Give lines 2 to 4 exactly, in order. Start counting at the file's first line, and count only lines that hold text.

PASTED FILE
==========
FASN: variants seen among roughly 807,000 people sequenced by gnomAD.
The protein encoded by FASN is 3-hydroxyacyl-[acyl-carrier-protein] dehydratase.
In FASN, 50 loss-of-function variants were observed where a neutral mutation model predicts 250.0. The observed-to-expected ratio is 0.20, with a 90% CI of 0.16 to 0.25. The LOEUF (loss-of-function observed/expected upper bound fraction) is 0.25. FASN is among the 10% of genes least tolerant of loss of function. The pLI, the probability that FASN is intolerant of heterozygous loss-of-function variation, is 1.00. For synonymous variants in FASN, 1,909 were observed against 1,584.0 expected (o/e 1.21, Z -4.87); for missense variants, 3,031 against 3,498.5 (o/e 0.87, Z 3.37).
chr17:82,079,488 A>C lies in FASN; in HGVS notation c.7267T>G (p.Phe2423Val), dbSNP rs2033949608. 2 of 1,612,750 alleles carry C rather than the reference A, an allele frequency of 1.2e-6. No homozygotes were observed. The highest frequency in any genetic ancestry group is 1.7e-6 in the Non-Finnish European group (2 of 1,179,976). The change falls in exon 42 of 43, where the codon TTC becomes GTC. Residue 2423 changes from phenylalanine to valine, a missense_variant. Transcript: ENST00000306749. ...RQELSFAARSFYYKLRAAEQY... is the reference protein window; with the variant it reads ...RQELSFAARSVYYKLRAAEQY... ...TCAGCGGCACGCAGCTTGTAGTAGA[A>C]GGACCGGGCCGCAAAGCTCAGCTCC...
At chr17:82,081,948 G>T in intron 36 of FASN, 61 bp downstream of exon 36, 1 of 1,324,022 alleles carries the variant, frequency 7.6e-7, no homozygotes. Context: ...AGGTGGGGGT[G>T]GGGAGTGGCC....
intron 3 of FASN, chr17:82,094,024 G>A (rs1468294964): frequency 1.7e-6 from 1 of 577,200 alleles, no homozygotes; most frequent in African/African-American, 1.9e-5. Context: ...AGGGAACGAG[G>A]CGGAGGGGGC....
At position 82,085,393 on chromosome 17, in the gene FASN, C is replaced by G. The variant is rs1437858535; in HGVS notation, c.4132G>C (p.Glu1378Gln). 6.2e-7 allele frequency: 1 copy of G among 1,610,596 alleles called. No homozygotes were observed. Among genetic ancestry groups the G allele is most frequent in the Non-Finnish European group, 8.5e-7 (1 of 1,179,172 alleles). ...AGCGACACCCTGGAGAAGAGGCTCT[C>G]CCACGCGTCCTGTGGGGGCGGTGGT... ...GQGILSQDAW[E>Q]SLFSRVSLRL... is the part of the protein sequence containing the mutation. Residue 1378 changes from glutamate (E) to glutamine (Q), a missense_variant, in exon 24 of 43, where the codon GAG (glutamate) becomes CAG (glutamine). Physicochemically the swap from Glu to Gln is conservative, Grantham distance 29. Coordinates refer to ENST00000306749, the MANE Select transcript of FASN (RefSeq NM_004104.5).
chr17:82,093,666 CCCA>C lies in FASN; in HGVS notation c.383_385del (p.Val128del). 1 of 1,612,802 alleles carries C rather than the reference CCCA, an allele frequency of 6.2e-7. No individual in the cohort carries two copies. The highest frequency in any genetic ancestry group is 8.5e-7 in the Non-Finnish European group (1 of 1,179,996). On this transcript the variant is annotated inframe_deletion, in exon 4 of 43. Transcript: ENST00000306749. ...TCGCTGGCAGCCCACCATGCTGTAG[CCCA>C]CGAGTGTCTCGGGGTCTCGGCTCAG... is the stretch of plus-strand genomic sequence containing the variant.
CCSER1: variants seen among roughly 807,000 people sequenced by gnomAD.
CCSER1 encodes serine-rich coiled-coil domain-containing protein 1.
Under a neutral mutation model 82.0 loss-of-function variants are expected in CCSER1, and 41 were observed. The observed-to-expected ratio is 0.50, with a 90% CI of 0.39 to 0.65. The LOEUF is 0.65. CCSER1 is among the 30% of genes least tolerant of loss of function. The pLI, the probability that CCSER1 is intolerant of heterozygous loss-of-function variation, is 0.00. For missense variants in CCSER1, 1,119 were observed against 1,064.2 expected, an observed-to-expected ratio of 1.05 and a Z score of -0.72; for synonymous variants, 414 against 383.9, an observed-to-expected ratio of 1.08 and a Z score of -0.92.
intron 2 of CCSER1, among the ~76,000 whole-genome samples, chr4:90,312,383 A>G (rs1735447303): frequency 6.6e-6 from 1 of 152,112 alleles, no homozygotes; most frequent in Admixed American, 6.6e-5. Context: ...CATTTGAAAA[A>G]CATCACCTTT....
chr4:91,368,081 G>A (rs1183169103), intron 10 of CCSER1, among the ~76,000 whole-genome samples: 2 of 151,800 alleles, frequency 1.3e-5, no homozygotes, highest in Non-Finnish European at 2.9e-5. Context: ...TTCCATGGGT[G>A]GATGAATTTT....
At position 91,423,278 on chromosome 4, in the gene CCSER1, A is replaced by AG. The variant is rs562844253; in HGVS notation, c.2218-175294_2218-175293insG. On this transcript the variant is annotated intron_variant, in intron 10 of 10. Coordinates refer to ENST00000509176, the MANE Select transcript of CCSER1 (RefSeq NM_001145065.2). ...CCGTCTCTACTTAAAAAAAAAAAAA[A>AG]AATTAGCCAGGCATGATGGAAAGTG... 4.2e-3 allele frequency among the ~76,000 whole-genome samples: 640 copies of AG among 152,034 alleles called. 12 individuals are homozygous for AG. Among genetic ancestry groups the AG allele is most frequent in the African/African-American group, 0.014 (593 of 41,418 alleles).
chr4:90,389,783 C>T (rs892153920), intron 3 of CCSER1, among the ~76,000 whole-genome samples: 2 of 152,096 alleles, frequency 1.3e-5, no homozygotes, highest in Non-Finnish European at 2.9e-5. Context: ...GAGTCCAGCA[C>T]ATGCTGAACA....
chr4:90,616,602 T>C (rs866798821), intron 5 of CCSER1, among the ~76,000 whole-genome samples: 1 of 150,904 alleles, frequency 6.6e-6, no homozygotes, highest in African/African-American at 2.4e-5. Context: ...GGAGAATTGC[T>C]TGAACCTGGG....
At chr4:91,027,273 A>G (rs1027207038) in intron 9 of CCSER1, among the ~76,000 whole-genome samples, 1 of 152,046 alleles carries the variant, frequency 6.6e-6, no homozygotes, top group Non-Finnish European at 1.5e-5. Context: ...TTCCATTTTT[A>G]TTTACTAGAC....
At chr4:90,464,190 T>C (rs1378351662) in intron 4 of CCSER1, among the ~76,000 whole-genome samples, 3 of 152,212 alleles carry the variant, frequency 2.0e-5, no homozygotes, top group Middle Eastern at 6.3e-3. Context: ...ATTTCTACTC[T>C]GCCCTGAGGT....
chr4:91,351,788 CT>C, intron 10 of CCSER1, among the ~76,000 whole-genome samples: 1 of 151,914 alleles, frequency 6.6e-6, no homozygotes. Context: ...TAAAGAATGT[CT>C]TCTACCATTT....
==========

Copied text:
The protein encoded by FASN is 3-hydroxyacyl-[acyl-carrier-protein] dehydratase.
In FASN, 50 loss-of-function variants were observed where a neutral mutation model predicts 250.0. The observed-to-expected ratio is 0.20, with a 90% CI of 0.16 to 0.25. The LOEUF (loss-of-function observed/expected upper bound fraction) is 0.25. FASN is among the 10% of genes least tolerant of loss of function. The pLI, the probability that FASN is intolerant of heterozygous loss-of-function variation, is 1.00. For synonymous variants in FASN, 1,909 were observed against 1,584.0 expected (o/e 1.21, Z -4.87); for missense variants, 3,031 against 3,498.5 (o/e 0.87, Z 3.37).
chr17:82,079,488 A>C lies in FASN; in HGVS notation c.7267T>G (p.Phe2423Val), dbSNP rs2033949608. 2 of 1,612,750 alleles carry C rather than the reference A, an allele frequency of 1.2e-6. No homozygotes were observed. The highest frequency in any genetic ancestry group is 1.7e-6 in the Non-Finnish European group (2 of 1,179,976). The change falls in exon 42 of 43, where the codon TTC becomes GTC. Residue 2423 changes from phenylalanine to valine, a missense_variant. Transcript: ENST00000306749. ...RQELSFAARSFYYKLRAAEQY... is the reference protein window; with the variant it reads ...RQELSFAARSVYYKLRAAEQY... ...TCAGCGGCACGCAGCTTGTAGTAGA[A>C]GGACCGGGCCGCAAAGCTCAGCTCC...